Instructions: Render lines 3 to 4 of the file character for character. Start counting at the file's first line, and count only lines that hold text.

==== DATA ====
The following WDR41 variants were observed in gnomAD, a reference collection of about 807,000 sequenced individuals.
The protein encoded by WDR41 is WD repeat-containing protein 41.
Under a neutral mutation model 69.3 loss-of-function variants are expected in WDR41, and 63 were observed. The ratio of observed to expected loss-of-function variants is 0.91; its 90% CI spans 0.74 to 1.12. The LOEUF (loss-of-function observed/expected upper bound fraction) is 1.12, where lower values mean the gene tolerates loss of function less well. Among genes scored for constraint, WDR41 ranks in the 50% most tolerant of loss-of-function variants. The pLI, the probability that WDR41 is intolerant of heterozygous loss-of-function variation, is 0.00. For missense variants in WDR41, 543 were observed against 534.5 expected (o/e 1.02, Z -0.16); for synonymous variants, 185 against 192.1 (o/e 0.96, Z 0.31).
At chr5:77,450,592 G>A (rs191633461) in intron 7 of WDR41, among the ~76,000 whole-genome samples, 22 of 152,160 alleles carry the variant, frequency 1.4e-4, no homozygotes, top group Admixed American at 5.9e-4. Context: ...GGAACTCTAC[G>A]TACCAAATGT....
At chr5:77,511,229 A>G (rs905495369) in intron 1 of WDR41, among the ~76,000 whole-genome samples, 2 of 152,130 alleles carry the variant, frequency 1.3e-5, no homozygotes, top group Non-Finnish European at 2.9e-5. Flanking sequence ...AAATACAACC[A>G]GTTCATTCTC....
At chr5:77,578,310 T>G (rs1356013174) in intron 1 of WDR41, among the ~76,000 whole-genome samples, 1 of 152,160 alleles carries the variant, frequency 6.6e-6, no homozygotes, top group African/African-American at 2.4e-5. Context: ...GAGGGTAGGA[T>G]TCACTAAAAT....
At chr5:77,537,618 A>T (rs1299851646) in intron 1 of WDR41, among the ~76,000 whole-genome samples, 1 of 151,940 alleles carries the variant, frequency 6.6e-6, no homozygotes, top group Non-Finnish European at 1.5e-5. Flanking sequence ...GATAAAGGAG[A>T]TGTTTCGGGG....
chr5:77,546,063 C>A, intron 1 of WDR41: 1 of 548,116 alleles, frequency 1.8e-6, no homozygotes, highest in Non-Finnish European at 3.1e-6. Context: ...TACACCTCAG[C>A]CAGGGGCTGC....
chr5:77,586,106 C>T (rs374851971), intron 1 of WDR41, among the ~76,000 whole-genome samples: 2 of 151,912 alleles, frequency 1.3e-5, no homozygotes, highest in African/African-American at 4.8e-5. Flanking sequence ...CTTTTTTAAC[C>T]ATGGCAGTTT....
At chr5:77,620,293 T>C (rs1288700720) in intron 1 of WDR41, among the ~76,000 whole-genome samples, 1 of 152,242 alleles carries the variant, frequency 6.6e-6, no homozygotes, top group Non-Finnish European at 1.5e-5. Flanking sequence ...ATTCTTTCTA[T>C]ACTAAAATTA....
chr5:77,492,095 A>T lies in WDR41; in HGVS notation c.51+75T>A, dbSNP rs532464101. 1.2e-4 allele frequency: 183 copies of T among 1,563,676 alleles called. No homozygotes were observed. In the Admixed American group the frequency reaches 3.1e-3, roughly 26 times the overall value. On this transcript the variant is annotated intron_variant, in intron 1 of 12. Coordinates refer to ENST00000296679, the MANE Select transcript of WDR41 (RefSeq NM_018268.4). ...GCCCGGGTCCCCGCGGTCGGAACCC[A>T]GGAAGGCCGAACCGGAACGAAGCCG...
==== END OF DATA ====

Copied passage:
Under a neutral mutation model 69.3 loss-of-function variants are expected in WDR41, and 63 were observed. The ratio of observed to expected loss-of-function variants is 0.91; its 90% CI spans 0.74 to 1.12. The LOEUF (loss-of-function observed/expected upper bound fraction) is 1.12, where lower values mean the gene tolerates loss of function less well. Among genes scored for constraint, WDR41 ranks in the 50% most tolerant of loss-of-function variants. The pLI, the probability that WDR41 is intolerant of heterozygous loss-of-function variation, is 0.00. For missense variants in WDR41, 543 were observed against 534.5 expected (o/e 1.02, Z -0.16); for synonymous variants, 185 against 192.1 (o/e 0.96, Z 0.31).
At chr5:77,450,592 G>A (rs191633461) in intron 7 of WDR41, among the ~76,000 whole-genome samples, 22 of 152,160 alleles carry the variant, frequency 1.4e-4, no homozygotes, top group Admixed American at 5.9e-4. Context: ...GGAACTCTAC[G>A]TACCAAATGT....